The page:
Police and the fire service are asking those considering swimming in open water to 'think carefully' after people were found swimming near the Bishops Itchington quarry not long after the death of a 17-year-old.
Police responded to two reports of people swimming at a Bishops Itchington quarry at the weekend, just over a week after 17-year-old Luke Murphy's body was pulled from Blue Lagoon near the village on July 26.
After one of the reports, police discovered two people swimming in the quarry - one of them refused to stop even after he was warned of risks.
Warwickshire County Council’s portfolio holder for community safety, Cllr Andy Crump, urged parents to talk to young people about the dangers of swimming in open water- which include cold water shock, pollution, currents and debris under the water.
Chief inspector Neil Harrison from Warwickshire Police, said:“As summer temperatures soar, taking a cooling dip in water is an obvious temptation.
"Bodies of water may look appealing, or even safe in some cases, however strong currents, hazardous objects, and pollution mean they often hide much less obvious dangers.
“Even if you are a strong swimmer you are still susceptible to dangers such as cold water shock, which affects your ability to swim and can have severe effects on your body in as little as three minutes.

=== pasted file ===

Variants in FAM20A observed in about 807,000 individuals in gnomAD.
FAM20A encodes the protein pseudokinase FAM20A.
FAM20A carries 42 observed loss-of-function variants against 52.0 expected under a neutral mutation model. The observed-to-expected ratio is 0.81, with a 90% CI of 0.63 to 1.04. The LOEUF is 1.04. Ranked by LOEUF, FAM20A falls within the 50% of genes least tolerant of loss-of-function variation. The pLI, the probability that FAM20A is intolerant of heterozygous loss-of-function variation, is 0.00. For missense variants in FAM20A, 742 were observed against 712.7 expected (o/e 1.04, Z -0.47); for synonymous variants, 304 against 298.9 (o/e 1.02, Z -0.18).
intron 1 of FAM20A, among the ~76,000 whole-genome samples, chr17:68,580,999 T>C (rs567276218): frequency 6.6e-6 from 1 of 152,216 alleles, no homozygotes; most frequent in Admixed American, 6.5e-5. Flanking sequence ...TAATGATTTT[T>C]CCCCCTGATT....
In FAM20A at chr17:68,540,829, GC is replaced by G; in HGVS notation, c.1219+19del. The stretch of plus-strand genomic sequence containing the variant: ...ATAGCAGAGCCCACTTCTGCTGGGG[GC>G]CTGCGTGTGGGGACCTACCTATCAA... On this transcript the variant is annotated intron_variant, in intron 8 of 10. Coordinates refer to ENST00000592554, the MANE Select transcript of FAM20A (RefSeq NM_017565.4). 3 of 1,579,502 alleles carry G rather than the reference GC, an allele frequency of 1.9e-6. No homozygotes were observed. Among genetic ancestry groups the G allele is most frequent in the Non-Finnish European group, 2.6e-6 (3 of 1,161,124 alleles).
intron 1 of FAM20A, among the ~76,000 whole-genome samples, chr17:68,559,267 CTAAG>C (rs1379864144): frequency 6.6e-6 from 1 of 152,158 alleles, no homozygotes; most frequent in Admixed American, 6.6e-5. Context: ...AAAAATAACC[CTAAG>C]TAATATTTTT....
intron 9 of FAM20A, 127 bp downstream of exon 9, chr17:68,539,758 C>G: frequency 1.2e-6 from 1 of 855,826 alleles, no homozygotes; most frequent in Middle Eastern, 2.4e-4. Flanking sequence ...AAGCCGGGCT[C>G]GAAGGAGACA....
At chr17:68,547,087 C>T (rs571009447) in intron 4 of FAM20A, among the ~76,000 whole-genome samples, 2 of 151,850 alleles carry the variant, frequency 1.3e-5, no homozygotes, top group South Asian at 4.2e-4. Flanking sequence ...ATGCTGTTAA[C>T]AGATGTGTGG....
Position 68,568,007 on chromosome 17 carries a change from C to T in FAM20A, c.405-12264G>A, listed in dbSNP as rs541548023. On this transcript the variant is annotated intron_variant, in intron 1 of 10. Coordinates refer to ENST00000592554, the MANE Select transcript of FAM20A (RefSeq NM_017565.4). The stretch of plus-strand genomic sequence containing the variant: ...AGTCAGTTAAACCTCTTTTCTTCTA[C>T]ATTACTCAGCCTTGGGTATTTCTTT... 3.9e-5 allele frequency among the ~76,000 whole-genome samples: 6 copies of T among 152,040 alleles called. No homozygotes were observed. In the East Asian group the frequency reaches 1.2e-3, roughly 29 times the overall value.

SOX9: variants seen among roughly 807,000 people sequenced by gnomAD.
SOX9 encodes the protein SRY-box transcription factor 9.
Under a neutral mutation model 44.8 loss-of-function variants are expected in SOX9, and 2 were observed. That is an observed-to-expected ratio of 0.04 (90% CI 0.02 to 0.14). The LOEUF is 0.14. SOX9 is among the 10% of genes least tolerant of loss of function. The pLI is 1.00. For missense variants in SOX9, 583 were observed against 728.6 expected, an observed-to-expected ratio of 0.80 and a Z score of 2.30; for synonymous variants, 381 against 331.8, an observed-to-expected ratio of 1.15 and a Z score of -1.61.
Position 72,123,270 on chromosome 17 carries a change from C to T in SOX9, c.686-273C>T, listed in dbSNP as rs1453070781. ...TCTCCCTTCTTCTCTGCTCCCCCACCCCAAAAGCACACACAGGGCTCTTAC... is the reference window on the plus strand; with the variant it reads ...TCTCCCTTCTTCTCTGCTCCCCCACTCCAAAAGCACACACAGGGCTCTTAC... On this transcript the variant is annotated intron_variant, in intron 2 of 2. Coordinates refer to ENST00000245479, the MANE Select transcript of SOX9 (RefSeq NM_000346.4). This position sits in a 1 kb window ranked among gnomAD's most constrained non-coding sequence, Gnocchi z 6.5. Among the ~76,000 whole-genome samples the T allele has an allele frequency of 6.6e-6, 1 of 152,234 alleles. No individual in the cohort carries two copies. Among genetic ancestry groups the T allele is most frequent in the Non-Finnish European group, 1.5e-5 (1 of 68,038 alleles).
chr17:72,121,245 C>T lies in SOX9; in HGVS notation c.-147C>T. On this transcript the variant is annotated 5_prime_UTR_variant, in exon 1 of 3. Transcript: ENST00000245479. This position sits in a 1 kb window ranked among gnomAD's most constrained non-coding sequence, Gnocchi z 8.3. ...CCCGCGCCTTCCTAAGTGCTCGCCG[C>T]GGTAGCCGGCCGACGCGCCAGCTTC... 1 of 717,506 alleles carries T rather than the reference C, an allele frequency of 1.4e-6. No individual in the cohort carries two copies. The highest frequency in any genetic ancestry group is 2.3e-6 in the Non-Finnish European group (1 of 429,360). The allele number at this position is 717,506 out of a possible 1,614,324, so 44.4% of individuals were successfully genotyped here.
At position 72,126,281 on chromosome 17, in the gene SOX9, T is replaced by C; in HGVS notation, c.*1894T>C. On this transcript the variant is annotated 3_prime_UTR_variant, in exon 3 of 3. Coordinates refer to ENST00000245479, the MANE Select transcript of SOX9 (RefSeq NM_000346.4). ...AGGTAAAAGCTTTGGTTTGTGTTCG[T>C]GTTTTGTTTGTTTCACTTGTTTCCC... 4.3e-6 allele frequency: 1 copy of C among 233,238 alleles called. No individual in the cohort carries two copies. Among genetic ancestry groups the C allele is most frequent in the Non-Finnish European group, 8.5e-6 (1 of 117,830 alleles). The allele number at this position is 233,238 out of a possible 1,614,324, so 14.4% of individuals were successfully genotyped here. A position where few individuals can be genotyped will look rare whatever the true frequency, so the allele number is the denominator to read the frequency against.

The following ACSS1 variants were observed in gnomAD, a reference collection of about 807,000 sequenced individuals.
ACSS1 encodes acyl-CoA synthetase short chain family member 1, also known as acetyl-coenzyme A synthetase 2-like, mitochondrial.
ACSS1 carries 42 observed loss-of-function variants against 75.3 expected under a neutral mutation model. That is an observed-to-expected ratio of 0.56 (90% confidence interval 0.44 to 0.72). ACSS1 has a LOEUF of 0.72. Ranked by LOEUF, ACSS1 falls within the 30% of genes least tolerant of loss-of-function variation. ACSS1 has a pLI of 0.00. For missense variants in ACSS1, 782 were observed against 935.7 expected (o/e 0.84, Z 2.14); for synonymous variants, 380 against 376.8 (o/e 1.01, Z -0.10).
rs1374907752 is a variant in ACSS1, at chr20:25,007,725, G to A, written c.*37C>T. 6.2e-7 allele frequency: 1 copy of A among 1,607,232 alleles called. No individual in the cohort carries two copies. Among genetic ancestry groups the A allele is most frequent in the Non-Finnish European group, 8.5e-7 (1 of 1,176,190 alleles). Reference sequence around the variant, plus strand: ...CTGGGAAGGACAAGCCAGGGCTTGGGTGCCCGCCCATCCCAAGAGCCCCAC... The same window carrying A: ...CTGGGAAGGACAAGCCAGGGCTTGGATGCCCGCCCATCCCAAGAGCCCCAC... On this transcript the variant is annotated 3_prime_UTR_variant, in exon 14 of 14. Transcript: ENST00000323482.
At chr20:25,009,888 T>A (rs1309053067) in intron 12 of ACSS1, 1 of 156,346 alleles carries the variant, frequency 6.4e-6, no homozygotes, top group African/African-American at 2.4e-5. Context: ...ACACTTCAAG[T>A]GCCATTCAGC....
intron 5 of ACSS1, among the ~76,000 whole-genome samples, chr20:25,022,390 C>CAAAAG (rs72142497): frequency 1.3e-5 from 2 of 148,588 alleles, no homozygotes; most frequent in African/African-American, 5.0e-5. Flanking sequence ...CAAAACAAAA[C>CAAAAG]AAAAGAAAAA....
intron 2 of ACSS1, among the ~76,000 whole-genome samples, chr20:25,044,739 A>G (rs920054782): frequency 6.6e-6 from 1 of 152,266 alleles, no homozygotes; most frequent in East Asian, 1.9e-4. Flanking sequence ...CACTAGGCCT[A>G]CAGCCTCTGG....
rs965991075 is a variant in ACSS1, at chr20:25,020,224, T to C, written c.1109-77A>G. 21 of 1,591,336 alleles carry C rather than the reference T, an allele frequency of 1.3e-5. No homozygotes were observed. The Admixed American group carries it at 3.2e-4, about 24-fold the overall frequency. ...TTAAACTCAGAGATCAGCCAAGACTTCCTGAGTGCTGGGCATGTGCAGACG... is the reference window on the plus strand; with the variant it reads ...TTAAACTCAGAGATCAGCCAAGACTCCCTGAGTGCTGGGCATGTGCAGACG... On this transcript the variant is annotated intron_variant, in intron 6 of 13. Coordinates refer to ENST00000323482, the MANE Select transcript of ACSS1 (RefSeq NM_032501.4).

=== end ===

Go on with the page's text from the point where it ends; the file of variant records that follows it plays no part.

"The longer you are in the water, the greater your chance of hypothermia as your core body temperature drops to a dangerous level.
“The best way to stay safe is to avoid swimming in open water and ensure you only enter water where there is adequate supervision and rescue cover."
Fire and police officers will be visiting lakes and quarries that young people are known to frequent to warn them about the dangers they could face when swimming in open water.
Group commander and prevention lead for Warwickshire Fire and Rescue Service, Tim Sargent said: "Our advice to anyone considering going into the water is just not to do it. However, we know that we know that people will still be tempted.
"So if you are out with friends and you do decide to swim, then don’t drink alcohol, as this will inhibit your ability and perception of risk and will leave you unable to deal with the cold water shock.
"Stay together and look out for each other. If something does happen, call 999 immediately; do not attempt a rescue yourself.”
For further tips and advice, visit www.rospa.com/leisure-safety/water/advice/children-young-people